Uppland: The White-tailed Eagle (Havsörn)
The white-tailed eagle is the provincial animal of Uppland and the largest bird of prey in Europe. It has a wingspan of up to 2.5 meters (more than 8 ft 2 in) and can weigh up to 7 kilograms (around 15.5 lbs).
The big eagle primarily feeds on fish, small mammals, and carrion (animal corpses), and nests in trees or on cliffs near water bodies. The white-tailed eagle is protected by law in Sweden and it is illegal to kill one or possess any part of the bird.
Värmland: Wolf (Varg)
The Swedish wolf is gray with a white underbelly and a black tail, with adults weighing up to 160 pounds. It is the most specialized social hunter of hame among the canine family, with big flocks of 15-20 wolf coordinating to take down significantly bigger animals such as moose.
The wolf population in Sweden has increased in recent years, although it did experience a long period of decline due to hunting and habitat loss. There are currently only about 460 wolves left in the wild in Sweden as of 2022, up from about 385 the previous year.
The Swedish government has put regulations in place to help protect the remaining wolves and their habitat, and although the wolf is not considered endangered on a global level, it is in Sweden specifically.
Västerbotten: Eurasian Curlew (Storspov)
The Eurasian curlews are known for their long legs and bill, as well as their distinctive cries. Curlews inhabit wetland areas and can be seen wading in shallow water in search of food.
In the winter, Eurasian Curlews migrate to southern Europe and Africa.
Västergötland: Crane (Trana)
The crane is a tall, white bird with a long neck and legs, and carries significant cultural value in Swedish history and folklore. It also has a spectacular mating dance that it performs during its mating season in spring.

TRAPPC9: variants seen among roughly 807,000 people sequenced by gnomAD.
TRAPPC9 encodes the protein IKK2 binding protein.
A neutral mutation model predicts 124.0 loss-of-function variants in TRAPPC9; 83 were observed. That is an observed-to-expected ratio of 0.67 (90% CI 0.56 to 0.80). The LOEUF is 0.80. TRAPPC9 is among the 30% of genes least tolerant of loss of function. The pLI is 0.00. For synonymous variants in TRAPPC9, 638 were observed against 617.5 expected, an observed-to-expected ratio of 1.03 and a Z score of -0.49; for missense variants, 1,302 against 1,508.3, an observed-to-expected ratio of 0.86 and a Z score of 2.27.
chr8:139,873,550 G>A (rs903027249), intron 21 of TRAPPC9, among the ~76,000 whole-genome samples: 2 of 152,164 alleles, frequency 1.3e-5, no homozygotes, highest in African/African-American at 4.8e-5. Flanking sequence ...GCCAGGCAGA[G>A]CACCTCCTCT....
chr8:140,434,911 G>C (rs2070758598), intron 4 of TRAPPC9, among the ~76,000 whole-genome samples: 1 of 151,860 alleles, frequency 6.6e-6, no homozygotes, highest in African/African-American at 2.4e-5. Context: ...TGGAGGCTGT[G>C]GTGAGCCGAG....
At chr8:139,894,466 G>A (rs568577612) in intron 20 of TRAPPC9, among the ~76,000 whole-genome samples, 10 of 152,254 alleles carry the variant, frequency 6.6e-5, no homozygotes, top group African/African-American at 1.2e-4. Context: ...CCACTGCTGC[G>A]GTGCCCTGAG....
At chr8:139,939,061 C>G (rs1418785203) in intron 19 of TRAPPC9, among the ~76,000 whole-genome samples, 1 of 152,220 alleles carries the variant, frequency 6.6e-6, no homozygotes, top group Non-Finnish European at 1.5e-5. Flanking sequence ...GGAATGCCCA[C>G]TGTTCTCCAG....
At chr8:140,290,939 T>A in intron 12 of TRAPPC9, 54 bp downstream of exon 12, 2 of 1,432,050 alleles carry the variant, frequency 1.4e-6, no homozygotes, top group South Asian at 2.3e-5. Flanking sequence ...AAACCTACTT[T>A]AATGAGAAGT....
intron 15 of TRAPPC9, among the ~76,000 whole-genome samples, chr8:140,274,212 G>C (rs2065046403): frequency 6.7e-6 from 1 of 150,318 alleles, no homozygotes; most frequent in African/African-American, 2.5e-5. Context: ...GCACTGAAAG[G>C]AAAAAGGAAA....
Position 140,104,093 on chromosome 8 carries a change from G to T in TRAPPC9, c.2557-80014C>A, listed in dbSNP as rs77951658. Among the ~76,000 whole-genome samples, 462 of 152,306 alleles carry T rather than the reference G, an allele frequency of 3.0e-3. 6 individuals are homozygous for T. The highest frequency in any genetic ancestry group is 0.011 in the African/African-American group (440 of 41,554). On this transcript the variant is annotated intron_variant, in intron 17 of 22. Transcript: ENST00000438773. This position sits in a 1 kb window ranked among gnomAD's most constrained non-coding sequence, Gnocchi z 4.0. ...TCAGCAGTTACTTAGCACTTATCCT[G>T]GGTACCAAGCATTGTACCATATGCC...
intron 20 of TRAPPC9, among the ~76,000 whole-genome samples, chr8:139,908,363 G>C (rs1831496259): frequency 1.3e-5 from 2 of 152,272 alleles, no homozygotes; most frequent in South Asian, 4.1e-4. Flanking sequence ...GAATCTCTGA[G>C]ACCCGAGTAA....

Cranes can be found in many places in Sweden, but perhaps especially so around Hornbogasjön in Västergötland, which attracts thousands of crane every year for mating season.
Västmanland: Roe Deer (Rådjur)
The roe deer is a medium-sized deer with a reddish-brown coat and white spots on its hindquarters. It is found all over Sweden, but is especially plentiful in the southern parts of the country (they’re literally everywhere around Malmö, where I live).
Male roe deer have antlers, which are shed each year and grow back during the springtime. Roe deer are shy animals and are most active at night, making them a common danger on the night roads of Sweden.
Ångermanland: Beaver (Bäver)
The beaver is a large, furry creature with a long, thick tail. It is an excellent swimmer and often builds dams in rivers and streams.
They are nocturnal animals, and their diet consists mainly of plants and tree bark.
Beavers are very important to the ecosystem, as they help to create wetlands which are essential habitats for many other animals.
There has been an increase in the beaver population over the past 100 years, after a period in which there were no beavers at all in Sweden around the turn of the century.
Öland: Nightingale (Näktergal)
The nightingale is a small, brownish-black bird with a white belly. It is found in woods and gardens, and is known for its beautiful and famous song.
The nightingale has been revered in Swedish culture for centuries, and is often mentioned in folklore and literature.
Östergötland: Mute Swan (Knölsvan)
The mute swan is a large, majestic, and—you guess it—fairly quiet bird that can be found in most parts of Sweden. The bird is known for its beauty and gracefulness, and has been a popular subject of art and literature for centuries.
With a wingspan of around 2 meters (6 ft 7 in) and weight of up to 14 kilograms (31 lbs), the swan is among the biggest flying birds on the planet.
The mute swan is an important part of Swedish culture and history. The bird symbolizes peace and tranquility, and is often seen as a symbol of love and devotion.